If I haven't said much yet about violence in horror films, it's because they're a different animal altogether. Horror films are specifically designed to confront us with our own mortality, and as such, the representation of violent death is an intrinsic part of their DNA. While it's entirely possible to make an effective horror film without explicit violence, since the late 1950s, these more subtle attempts at horror have increasingly been the exceptions to the rule. Horror films do often showcase violence as something ugly and reprehensible, as in Craven's Last House, but it's just as often presented as a visual spectacle, even more so than the action films referenced above. Horror fans watch these so-called "body count" films not only to be scared (if that even happens) but also to revel in the meticulously gory creations of special effects artists. We watch them for the specific purpose of seeing people dispatched in various messy ways, and we don't really care much about them at all. Of the thousands of characters who've been graphically butchered in horror films over the last five decades, many are often even greater ciphers than many of the action movie villains. The disposability of these victims is exacerbated by the fact that a good number of these horror films are low-budget affairs, with substandard writing and acting that don't do much to endear the characters to us. Violence is the raison d'être of these films; if you remove it, they're essentially pointless.
|Alessio Orano delivers the coup de grâce in Lisa and the Devil|
Again, there are quite a few exceptions. Neil Marshall's The Descent gives us a group of characters we grow to care about before they're plunged into a subterranean nightmare. We're terribly frightened for them and horrified by their brutal, ghastly deaths. We also root for them as they turn the tables on their subhuman tormentors and bring the pain back to them. Near the end, we're conflicted when one of them turns on another in retaliation for an earlier transgression; we understand, but we don't necessarily agree. Ultimately, we're emotionally shattered by the downbeat ending. Other horror films, while they may have their share of bloody moments, transcend these gruesome scenes and become truly exceptional films due to the sheer artistry on display. Mario Bava's 1972 horror masterpiece, Lisa and the Devil, features a number of grotesque murders, including a man who is run over repeatedly by a car and a half-dressed woman who is bludgeoned to death, but the film is so elegantly made and achieves such a remarkable, dreamlike quality that the violence doesn't seem as grotesque as it should. Other filmmakers play the violence for laughs, as in Sam Raimi's Evil Dead II. The gruesome dismemberments and popped-out eyeballs in Raimi's sequel to/remake of his own Evil Dead (which was a far more serious film) are famously inspired by the physically abusive comedy of The Three Stooges.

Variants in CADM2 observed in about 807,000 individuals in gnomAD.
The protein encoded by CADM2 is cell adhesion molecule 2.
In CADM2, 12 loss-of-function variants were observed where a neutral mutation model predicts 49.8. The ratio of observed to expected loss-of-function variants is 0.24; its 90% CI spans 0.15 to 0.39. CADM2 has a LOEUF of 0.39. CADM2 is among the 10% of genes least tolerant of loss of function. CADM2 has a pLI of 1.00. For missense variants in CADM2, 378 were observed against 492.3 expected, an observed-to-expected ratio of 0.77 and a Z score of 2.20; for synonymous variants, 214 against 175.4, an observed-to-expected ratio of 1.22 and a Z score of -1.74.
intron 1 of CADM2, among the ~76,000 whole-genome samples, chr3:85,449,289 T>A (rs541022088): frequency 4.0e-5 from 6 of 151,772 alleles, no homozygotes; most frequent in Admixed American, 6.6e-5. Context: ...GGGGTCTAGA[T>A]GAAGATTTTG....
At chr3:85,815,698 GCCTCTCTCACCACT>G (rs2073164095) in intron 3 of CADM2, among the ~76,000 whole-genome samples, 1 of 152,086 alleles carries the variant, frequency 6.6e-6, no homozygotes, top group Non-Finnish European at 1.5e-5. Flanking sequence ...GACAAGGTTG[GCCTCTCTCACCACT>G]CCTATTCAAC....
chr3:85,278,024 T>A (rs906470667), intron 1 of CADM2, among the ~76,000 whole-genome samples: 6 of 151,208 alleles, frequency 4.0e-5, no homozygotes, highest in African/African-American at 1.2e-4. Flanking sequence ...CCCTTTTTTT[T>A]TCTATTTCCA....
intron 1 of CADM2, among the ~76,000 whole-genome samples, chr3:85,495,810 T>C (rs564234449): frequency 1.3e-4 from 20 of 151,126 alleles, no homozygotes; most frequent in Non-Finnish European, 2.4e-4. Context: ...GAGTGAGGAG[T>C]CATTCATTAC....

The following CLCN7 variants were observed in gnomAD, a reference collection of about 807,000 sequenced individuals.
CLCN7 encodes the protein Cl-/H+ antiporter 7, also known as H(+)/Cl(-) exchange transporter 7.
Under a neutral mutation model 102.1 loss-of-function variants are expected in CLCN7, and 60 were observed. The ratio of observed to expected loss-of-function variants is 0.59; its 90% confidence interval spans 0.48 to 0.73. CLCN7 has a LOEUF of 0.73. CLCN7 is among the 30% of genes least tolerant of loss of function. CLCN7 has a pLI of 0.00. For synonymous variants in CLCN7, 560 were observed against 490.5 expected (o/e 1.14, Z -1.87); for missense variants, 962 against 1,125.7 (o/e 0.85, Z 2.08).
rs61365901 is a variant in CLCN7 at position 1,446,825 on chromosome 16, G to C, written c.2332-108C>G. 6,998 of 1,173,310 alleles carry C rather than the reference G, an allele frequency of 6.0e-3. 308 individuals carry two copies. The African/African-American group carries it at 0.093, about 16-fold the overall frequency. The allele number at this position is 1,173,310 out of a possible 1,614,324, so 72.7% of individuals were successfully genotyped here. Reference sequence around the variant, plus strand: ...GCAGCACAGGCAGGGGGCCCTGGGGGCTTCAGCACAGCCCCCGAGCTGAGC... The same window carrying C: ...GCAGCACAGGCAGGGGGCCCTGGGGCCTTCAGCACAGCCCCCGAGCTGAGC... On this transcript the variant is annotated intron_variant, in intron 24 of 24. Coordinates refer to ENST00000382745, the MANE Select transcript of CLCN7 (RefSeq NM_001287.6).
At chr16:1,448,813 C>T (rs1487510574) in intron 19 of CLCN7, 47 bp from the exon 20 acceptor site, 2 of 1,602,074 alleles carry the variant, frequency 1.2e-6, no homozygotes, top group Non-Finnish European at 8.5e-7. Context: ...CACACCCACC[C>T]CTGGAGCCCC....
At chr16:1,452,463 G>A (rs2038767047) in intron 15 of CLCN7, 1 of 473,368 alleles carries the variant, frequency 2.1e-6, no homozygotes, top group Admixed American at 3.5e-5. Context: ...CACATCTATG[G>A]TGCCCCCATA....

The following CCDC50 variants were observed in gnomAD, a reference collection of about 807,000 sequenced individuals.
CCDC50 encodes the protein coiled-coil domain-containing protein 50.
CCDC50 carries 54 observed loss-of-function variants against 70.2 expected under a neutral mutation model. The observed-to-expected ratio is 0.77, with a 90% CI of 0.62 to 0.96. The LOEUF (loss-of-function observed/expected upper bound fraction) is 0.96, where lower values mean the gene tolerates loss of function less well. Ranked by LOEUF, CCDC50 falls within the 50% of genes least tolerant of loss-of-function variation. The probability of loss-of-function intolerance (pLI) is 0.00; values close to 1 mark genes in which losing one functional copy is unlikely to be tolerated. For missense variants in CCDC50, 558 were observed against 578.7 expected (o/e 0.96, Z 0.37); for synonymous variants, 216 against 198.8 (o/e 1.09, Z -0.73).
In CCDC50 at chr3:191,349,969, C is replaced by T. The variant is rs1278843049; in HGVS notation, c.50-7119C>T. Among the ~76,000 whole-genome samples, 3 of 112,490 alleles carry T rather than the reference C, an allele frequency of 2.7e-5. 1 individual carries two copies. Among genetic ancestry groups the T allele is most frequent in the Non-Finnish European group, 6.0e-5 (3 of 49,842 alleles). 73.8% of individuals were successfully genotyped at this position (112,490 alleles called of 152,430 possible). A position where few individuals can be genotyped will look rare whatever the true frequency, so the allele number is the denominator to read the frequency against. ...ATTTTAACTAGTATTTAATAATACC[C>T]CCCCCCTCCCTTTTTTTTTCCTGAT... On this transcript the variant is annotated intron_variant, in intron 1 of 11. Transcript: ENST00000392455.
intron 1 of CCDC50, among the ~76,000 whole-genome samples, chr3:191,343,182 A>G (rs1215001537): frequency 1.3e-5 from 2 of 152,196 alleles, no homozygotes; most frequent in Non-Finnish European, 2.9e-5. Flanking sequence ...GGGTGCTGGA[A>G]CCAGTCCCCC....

Whatever its context or presentation may be, violence in the cinema has been around since the very beginning, and it's not likely that it'll be going away anytime soon, despite the fact that many people would like it to. There's a group of people who seem to think that getting rid of violent movies will make our society less violent. That's patently absurd. While there are certain damaged individuals who may latch on to a violent film and find inspiration in it, is preventing everyone from seeing it really the answer? Won't these people just find something else that will set them off? One could argue that violence should be allowed in films if it has artistic merit, but who decides which films qualify? Ultimately, violent films are a reflection of our society as it is now. Perhaps someday, if and when we evolve to the point where we stop killing one another, these movies will become passé. While I'd love to live in a peaceful society, going to the movies in such a utopian world will sure be a hell of a lot more boring.